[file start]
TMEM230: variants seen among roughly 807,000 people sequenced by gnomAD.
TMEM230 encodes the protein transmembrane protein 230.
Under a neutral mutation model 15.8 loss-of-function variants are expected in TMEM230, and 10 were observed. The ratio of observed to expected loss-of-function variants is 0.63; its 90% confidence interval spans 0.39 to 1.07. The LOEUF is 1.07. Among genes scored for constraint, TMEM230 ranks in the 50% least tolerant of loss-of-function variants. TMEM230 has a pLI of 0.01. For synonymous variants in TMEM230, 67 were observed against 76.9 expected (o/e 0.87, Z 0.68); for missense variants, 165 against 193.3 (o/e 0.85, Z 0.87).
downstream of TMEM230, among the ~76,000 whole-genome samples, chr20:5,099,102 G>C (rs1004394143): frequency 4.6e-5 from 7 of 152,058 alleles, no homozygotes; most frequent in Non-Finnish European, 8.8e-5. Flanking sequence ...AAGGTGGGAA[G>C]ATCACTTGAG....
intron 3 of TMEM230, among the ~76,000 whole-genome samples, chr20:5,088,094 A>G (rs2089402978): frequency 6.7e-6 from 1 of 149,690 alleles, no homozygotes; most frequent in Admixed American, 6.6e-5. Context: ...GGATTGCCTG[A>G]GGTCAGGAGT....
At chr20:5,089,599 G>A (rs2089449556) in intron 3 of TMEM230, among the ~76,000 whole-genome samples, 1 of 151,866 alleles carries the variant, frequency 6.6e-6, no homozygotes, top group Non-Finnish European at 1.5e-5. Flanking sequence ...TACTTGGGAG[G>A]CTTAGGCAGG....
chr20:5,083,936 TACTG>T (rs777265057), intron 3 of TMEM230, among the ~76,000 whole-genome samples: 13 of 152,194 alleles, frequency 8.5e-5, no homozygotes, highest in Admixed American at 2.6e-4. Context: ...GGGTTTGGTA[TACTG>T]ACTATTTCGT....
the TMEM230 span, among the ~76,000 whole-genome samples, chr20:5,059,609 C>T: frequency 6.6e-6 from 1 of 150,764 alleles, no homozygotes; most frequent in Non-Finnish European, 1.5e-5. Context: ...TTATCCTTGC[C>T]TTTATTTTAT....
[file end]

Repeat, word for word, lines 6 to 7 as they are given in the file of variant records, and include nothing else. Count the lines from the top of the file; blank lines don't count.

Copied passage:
At chr20:5,089,599 G>A (rs2089449556) in intron 3 of TMEM230, among the ~76,000 whole-genome samples, 1 of 151,866 alleles carries the variant, frequency 6.6e-6, no homozygotes, top group Non-Finnish European at 1.5e-5. Flanking sequence ...TACTTGGGAG[G>A]CTTAGGCAGG....
chr20:5,083,936 TACTG>T (rs777265057), intron 3 of TMEM230, among the ~76,000 whole-genome samples: 13 of 152,194 alleles, frequency 8.5e-5, no homozygotes, highest in Admixed American at 2.6e-4. Context: ...GGGTTTGGTA[TACTG>T]ACTATTTCGT....